[Show abstract][Hide abstract] ABSTRACT: CTLs and NK cells use the perforin/granzyme cytotoxic pathway to kill virally infected cells and tumors. Human regulatory T cells also express functional granzymes and perforin and can induce autologous target cell death in vitro. Perforin-deficient mice die of excessive immune responses after viral challenges, implicating a potential role for this pathway in immune regulation. To further investigate the role of granzyme B in immune regulation in response to viral infections, we characterized the immune response in wild-type, granzyme B-deficient, and perforin-deficient mice infected with Sendai virus. Interestingly, granzyme B-deficient mice, and to a lesser extent perforin-deficient mice, exhibited a significant increase in the number of Ag-specific CD8(+) T cells in the lungs and draining lymph nodes of virally infected animals. This increase was not the result of failure in viral clearance because viral titers in granzyme B-deficient mice were similar to wild-type mice and significantly less than perforin-deficient mice. Regulatory T cells from WT mice expressed high levels of granzyme B in response to infection, and depletion of regulatory T cells from these mice resulted in an increase in the number of Ag-specific CD8(+) T cells, similar to that observed in granzyme B-deficient mice. Furthermore, granzyme B-deficient regulatory T cells displayed defective suppression of CD8(+) T cell proliferation in vitro. Taken together, these results suggest a role for granzyme B in the regulatory T cell compartment in immune regulation to viral infections.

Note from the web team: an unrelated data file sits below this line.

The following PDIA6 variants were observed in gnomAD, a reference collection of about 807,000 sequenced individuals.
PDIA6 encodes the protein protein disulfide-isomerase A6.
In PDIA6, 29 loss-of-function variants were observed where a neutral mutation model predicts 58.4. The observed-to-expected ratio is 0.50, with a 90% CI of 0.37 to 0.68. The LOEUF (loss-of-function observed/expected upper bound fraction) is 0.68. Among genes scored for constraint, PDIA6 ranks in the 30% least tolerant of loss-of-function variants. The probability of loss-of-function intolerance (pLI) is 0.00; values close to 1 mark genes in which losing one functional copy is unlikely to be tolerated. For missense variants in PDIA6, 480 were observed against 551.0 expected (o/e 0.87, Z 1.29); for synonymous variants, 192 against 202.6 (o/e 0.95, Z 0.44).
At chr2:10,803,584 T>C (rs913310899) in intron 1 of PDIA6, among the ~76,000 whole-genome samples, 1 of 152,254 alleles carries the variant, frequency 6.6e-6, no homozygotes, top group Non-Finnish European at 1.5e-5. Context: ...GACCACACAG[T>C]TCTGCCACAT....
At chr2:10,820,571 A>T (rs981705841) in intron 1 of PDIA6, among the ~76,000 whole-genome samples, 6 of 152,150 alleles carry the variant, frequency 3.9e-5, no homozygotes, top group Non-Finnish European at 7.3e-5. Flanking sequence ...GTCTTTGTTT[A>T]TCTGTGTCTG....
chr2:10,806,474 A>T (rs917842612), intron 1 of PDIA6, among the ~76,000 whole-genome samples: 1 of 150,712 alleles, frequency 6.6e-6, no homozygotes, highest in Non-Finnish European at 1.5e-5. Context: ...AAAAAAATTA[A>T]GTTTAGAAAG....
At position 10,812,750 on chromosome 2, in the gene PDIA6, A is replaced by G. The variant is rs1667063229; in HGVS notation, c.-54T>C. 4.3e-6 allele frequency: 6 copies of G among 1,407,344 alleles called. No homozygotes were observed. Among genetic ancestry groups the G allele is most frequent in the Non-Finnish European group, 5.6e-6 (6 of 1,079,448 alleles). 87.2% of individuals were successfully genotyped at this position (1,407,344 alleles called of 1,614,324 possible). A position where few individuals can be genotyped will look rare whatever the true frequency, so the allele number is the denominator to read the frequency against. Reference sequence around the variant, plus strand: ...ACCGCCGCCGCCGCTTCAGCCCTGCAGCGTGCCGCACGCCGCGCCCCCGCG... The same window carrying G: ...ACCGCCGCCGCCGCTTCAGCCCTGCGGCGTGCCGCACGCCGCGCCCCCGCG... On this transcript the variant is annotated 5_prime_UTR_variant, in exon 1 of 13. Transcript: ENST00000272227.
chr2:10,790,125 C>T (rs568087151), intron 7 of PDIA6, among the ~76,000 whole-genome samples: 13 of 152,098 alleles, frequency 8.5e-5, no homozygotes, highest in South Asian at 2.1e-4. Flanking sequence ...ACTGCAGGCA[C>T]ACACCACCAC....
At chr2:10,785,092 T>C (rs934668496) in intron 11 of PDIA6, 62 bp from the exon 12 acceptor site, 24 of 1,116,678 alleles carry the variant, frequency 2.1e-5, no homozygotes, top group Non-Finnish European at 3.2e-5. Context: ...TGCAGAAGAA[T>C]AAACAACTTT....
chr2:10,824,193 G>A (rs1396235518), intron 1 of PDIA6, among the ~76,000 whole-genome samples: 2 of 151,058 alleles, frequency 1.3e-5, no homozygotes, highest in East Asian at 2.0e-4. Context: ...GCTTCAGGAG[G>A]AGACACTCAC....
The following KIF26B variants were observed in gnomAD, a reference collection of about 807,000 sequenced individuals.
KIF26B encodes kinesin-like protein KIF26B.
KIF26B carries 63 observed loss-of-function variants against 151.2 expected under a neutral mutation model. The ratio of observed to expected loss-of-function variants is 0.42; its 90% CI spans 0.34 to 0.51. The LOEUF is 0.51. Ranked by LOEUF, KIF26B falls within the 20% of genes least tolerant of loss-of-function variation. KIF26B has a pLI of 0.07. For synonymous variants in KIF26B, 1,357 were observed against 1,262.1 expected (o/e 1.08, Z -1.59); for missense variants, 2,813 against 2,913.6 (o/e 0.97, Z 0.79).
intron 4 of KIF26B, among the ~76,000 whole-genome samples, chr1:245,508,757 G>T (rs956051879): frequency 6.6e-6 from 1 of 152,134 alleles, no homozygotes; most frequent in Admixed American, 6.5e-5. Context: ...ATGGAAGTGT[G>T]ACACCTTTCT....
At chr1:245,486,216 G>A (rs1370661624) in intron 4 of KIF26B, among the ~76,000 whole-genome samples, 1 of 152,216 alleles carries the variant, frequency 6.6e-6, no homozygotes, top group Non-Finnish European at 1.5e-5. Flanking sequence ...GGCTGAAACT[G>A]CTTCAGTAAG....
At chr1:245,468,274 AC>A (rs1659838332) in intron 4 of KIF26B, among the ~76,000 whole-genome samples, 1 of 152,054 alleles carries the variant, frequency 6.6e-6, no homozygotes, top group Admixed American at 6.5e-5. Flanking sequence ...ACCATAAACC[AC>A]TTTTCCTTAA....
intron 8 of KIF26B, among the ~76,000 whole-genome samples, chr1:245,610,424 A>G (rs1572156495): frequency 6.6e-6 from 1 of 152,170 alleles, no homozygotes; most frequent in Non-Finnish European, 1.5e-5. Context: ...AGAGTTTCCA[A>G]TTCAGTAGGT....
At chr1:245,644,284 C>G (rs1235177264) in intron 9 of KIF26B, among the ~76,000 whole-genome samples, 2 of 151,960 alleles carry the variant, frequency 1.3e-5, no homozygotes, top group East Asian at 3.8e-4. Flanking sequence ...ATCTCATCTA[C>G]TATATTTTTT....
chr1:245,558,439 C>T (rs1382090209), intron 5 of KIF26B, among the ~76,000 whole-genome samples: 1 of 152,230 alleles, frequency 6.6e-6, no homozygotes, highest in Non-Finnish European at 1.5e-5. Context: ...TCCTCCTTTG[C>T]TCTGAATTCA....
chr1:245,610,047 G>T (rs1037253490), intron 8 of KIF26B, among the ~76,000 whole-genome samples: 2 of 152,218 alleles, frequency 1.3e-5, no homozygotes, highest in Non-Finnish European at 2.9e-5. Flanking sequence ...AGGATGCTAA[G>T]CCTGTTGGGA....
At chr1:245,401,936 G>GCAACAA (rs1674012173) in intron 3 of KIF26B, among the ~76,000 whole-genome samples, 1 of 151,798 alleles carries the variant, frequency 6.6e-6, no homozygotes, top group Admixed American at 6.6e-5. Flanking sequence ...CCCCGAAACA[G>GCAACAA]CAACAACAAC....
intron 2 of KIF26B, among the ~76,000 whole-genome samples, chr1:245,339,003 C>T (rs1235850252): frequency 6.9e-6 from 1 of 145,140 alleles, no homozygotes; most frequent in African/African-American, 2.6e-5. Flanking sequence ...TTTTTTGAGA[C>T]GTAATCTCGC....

The Journal of Immunology 11/2011; 187(12):6301-9. · 5.52 Impact Factor
[Show abstract][Hide abstract] ABSTRACT: Severe combined immunodeficiency is a life-threatening primary immune deficiency characterized by low numbers of naïve T cells. Early diagnosis and treatment of this disease decreases mortality. In 2008, Wisconsin began newborn screening of infants for severe combined immunodeficiency and other forms of T-cell lymphopenia by the T-cell receptor excision circle assay. In total, 207,696 infants were screened. Seventy-two infants had an abnormal assay. T-cell numbers were normal in 38 infants, abnormal in 33 infants, and not performed in one infant, giving a positive predictive value for T-cell lymphopenia of any cause of 45.83% and a specificity of 99.98%. Five infants with severe combined immunodeficiency/severe T-cell lymphopenia requiring hematopoietic stem cell transplantation or other therapy were detected. In summary, the T-cell receptor excision circle assay is a sensitive and specific test to identify infants with severe combined immunodeficiency and severe T-cell lymphopenia that leads to life-saving therapies such as hematopoietic stem cell transplantation prior to the acquisition of severe infections.